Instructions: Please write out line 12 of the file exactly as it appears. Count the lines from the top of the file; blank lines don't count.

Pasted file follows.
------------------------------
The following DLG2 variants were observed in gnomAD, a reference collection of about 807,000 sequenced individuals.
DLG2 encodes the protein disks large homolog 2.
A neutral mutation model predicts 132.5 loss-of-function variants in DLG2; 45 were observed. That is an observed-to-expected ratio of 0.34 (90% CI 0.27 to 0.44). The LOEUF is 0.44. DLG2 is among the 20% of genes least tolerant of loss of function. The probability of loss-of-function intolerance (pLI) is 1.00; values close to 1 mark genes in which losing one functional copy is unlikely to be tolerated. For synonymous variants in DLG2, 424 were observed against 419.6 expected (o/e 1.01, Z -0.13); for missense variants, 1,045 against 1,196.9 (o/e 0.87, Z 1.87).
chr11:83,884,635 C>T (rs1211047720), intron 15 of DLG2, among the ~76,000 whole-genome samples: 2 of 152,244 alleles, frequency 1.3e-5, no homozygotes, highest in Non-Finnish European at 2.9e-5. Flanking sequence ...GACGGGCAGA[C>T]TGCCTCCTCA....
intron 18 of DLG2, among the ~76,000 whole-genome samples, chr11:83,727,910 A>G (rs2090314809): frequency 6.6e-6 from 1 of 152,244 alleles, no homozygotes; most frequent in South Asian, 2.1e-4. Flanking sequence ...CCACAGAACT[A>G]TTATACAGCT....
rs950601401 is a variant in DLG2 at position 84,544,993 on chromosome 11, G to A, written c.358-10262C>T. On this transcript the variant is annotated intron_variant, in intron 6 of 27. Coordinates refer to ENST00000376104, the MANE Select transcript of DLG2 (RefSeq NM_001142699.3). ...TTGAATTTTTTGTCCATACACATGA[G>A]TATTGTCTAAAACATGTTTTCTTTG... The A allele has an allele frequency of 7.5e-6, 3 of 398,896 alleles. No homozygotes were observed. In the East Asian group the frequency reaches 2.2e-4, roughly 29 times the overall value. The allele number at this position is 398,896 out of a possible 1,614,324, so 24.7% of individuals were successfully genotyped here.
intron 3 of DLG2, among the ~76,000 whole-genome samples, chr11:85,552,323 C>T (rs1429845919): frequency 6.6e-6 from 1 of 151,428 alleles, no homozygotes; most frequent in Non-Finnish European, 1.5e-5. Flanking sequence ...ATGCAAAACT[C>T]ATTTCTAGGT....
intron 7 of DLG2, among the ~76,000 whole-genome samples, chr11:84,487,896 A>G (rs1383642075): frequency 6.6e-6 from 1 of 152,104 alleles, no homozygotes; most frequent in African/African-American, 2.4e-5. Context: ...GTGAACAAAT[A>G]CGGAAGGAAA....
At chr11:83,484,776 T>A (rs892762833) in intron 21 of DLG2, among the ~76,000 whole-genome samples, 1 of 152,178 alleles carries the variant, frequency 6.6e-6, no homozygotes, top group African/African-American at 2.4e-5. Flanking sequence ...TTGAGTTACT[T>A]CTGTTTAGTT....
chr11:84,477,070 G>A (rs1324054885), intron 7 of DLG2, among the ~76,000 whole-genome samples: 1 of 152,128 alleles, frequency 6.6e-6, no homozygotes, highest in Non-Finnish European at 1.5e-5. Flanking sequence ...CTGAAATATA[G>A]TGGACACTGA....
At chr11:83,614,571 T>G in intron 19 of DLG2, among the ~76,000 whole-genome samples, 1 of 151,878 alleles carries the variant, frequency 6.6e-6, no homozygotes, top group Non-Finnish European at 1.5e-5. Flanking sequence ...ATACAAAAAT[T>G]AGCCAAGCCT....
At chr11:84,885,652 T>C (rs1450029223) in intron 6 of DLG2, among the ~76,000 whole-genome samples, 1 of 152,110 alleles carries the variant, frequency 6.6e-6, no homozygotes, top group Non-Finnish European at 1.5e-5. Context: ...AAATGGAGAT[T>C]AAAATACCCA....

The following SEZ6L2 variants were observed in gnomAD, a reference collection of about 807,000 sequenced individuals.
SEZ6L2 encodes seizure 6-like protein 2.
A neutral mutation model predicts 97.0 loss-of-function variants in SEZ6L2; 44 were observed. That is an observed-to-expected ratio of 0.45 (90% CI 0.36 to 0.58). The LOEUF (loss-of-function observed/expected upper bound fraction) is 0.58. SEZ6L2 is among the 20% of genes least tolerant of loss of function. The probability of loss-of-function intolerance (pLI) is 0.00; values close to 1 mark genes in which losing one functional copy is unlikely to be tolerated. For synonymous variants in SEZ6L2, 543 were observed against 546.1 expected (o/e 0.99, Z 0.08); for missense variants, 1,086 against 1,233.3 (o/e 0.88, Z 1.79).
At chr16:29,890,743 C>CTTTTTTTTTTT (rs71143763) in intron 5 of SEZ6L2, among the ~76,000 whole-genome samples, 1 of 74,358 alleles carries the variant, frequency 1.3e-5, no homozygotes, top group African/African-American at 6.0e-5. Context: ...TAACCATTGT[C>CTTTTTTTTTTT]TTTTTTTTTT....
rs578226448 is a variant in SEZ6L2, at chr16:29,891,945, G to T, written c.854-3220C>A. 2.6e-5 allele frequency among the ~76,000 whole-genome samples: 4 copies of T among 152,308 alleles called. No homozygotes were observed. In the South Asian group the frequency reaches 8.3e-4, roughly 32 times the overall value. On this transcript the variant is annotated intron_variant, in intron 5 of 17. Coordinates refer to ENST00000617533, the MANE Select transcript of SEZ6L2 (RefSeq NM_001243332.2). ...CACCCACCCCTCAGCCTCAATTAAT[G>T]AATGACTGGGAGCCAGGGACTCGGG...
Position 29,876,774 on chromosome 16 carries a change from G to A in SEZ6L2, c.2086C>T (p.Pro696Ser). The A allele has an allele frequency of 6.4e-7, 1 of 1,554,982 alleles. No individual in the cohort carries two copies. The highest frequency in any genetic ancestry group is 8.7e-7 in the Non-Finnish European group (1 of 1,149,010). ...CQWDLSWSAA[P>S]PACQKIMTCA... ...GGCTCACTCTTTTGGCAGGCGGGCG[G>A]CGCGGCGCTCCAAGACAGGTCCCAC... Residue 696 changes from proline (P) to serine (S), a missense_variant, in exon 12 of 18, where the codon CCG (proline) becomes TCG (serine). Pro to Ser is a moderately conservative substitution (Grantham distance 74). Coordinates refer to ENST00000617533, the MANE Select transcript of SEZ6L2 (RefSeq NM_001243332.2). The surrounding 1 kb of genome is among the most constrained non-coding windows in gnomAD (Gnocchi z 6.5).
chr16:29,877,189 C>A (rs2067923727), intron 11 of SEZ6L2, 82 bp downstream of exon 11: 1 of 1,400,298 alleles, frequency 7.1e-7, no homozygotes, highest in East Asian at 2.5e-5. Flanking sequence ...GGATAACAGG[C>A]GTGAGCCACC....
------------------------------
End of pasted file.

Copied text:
At chr11:84,885,652 T>C (rs1450029223) in intron 6 of DLG2, among the ~76,000 whole-genome samples, 1 of 152,110 alleles carries the variant, frequency 6.6e-6, no homozygotes, top group Non-Finnish European at 1.5e-5. Context: ...AAATGGAGAT[T>C]AAAATACCCA....